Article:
To compare angiographically-determined coronary artery disease in diabetic patients with controls, 1,653 patients coming to cardiac catheterization were reviewed retrospectively to find 37 diabetic and 79 control patients matched for sex, age (±3 years), and risk factors (hypertension, hyperlipidemia, and smoking). The severity of coronary artery disease was assessed using an angiographic grading system. The following results were obtained: 16 of 37 diabetic patients (43%) had three-vessel disease compared to 20 of 79 controls (25%). Seventy-six of 111 (68%) diabetic vessels were disease compared to 110 of 237 control vessels (46%) (P<0.005). The total coronary score reflecting total extent of disease for diabetic patients was 371 (mean 10.0±1.0 (SEM)) compared to 594 for controls (mean 7.5±0.7, P<0.01). Diabetic patients had a statistically similar number of diffusely diseased vessels as controls (28% vs 22%). There were only three of 76 diabetic vessels (4%) considered inoperable compared to seven of 110 (6%) control vessels. The authors conclude that diabetic patients with chest pain have more coronary artery disease than nondiabetics, but no more diffuse or inoperable disease.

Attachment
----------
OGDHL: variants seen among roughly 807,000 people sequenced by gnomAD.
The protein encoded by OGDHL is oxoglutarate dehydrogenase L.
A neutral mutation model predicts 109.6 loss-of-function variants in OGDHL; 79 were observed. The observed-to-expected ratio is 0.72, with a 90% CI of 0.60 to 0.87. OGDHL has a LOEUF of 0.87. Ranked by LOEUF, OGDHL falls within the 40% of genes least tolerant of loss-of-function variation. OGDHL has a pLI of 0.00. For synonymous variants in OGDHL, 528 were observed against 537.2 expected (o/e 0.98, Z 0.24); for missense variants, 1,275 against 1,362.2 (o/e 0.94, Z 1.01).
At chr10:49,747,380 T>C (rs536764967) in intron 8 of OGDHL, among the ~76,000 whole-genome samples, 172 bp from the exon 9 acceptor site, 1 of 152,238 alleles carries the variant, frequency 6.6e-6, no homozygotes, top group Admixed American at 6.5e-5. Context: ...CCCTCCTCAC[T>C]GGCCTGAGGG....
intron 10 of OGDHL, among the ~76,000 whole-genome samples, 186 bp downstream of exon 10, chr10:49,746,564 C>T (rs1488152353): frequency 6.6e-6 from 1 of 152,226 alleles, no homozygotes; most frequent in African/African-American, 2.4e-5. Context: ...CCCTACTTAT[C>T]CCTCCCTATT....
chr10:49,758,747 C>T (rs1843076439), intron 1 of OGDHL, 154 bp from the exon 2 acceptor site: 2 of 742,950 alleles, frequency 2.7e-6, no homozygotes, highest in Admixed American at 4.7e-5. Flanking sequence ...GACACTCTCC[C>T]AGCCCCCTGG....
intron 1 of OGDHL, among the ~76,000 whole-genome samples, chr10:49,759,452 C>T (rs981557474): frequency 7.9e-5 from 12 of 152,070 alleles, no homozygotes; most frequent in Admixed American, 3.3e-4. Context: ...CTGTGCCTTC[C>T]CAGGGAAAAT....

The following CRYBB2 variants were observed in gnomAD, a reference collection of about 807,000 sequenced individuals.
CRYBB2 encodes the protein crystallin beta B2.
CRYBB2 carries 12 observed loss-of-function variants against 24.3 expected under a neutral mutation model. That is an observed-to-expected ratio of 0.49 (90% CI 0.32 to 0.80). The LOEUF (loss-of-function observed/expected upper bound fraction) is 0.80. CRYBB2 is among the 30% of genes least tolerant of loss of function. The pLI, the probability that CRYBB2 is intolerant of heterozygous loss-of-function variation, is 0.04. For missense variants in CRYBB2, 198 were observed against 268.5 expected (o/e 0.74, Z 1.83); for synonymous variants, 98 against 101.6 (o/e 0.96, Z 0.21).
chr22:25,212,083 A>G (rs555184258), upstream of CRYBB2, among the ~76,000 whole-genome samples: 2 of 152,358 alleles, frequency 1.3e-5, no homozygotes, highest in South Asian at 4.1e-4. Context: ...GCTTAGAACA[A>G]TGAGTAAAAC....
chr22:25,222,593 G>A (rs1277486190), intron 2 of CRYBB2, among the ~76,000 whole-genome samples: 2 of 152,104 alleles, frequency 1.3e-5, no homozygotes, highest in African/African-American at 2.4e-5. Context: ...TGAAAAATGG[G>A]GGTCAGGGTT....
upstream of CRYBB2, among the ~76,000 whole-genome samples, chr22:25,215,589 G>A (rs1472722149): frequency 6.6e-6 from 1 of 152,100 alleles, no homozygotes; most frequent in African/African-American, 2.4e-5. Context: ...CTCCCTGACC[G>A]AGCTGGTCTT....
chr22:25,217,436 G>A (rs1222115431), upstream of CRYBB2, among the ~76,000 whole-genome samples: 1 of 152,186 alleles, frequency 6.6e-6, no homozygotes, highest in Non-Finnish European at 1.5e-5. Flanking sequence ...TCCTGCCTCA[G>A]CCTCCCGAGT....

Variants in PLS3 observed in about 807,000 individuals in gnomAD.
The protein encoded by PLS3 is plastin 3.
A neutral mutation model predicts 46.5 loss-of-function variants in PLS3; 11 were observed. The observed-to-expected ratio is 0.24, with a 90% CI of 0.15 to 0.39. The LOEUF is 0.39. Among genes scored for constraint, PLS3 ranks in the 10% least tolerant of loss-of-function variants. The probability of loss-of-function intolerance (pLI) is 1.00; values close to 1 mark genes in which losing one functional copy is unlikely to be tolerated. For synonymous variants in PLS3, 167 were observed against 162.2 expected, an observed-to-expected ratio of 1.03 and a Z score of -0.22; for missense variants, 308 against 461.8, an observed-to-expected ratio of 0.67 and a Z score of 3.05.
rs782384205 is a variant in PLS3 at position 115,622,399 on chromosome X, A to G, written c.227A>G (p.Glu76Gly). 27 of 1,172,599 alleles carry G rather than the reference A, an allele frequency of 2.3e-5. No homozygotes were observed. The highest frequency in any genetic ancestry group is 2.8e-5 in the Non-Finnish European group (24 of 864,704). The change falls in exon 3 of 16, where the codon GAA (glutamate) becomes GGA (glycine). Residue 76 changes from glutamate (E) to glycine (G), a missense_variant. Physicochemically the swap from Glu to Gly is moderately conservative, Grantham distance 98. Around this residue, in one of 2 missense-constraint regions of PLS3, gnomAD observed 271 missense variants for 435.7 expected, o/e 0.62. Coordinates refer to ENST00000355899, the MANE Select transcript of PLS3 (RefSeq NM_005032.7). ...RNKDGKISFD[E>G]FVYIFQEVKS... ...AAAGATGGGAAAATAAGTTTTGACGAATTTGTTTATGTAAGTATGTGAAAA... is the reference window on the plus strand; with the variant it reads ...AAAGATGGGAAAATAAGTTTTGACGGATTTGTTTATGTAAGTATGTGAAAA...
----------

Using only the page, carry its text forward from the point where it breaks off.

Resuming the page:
All Science Journal Classification (ASJC) codes
- Cardiology and Cardiovascular Medicine
- Physiology (medical)